Behavioral Impact Of Brand-Consumer Relationships During COVID-19

Last updated: 04-21-2020

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Behavioral Impact Of Brand-Consumer Relationships During COVID-19

Brands need to rethink how to stay connected and appeal to consumers during the next couple of months as Americans find a new normal and more shop online. 

The 11,434% uptick in COVID-19-related searches since the beginning of January identifies concerns and consumer interests, so companies have begun pulling data to help marketers understand the global impact from this virus on the very delicate brand-consumer relationship.

With news announcements driving surges in search, Captify’s analysts looked at more than 100.6 million global COVID-19-related global searches from data collected between Jan. 1, 2020 and March 15, 2020 on a variety of different sites such as online publishers. The findings from the data across its publisher network reveals how this pandemic continues to impact consumer behavior and how businesses can navigate through uncertain times.

Consumer behavioral patterns differ greatly, as well as the brands they connect with during this crisis. Millennials, for example, are most attracted to the streaming category, with searches for Netflix, Roku, and HBO ranking highest.

Gen Z consumers search for Nintendo, Xbox, and PlayStation in the gaming category. Commuters search for home delivery services with Amazon, UPS and Domino’s topping the list. Business people search in the exercise and wellness categories for Glo, Sweat, and Calm. And despite the U.S. government asking Americans to stay put, city dwellers search for travel-related companies, with Avis, Kayak and Expedia topping the list.

No doubt consumers are stocking up. A manager at a Kroger-owned Ralph’s grocery store in Huntington Beach, California told Search Insider that revenue has tripled in the past two weeks. Captify has seen a 300% increase in searches around “bulk buying” and “multi-packs.” Sales of Purell rose 1,866.7%; Lysol, 425%; M&M’s, 400%; Clorox, 228.5%; Bacardi, 102.6%; Tampax, 66.7%; Cheerios, 56.9%; and Purina, 41.9%.

Captify also saw a 266% search increase in “Homemade & DIY Sanitizers” between March 1, and March 10. Searches for disinfectant spray rose 747.6%, while searches for disinfectant wipes rose 595.2%, and toilet paper, 583%.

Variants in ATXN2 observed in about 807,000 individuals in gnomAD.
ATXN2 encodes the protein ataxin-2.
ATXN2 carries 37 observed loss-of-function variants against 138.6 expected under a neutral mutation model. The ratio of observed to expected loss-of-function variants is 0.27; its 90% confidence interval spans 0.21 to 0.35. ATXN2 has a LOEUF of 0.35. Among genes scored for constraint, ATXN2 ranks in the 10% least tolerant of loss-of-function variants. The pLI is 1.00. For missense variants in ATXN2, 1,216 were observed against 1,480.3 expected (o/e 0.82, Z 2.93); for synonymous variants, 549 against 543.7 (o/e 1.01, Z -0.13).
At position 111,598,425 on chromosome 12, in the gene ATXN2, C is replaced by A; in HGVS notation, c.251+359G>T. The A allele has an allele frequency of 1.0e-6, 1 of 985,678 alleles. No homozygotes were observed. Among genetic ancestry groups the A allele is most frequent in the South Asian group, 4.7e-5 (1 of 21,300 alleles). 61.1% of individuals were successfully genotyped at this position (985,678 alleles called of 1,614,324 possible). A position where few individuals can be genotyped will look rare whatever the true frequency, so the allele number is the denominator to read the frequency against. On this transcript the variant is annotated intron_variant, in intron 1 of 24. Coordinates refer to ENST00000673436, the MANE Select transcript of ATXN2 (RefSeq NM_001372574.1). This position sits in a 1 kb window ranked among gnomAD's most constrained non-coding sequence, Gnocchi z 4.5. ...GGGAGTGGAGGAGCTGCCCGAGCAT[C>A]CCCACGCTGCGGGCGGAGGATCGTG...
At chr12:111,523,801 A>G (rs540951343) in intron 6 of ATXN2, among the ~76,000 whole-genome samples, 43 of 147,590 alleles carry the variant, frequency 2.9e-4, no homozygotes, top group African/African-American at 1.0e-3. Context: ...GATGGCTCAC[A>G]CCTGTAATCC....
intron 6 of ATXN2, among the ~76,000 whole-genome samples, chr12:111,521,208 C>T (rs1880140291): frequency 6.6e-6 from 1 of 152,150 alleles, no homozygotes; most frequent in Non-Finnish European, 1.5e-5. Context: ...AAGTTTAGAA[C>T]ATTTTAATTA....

CivicScience, which looked at consumer sentiment and behavior shopping data, excluding grocery stores or pharmacies, shows a slight increase in people who say they have done all or almost all their buying online, from 8% beginning Feb. 16 to 11% the week of March 8. Those 18 years of age or older who participated in the survey who said they do all or almost all of their buying in stores fell from 24% to 16%, respectively.

Brands like Eddie Bauer have changed their marketing strategies to appeal to consumers working from home. “Working From Home? 50% Off These Comfy Must-Haves” the subject line in the email campaign reads.

Mary Acklin, marketing manager at CivicScience, also analyzed intent data from online grocery shopping, “which has almost doubled in some categories.” Some 29% said they are shopping online for groceries more often -- up from 22% during the prior week, according to CivicScience data.

Some specialty stores like Omaha Steaks are struggling to meet demand. A store clerk in Huntington Beach, California told Search Insider the company pushed shipments by two weeks.

Local and state governments, specifically in California, began limiting the number of people allowed in restaurants simultaneously and then began to eliminate in-restaurant dining, but before the mandates, dining out and/or ordering takeout for dinner began trending down March 1.

CivicScience data shows more than 60% of Americans report they are dining out less as of this week.


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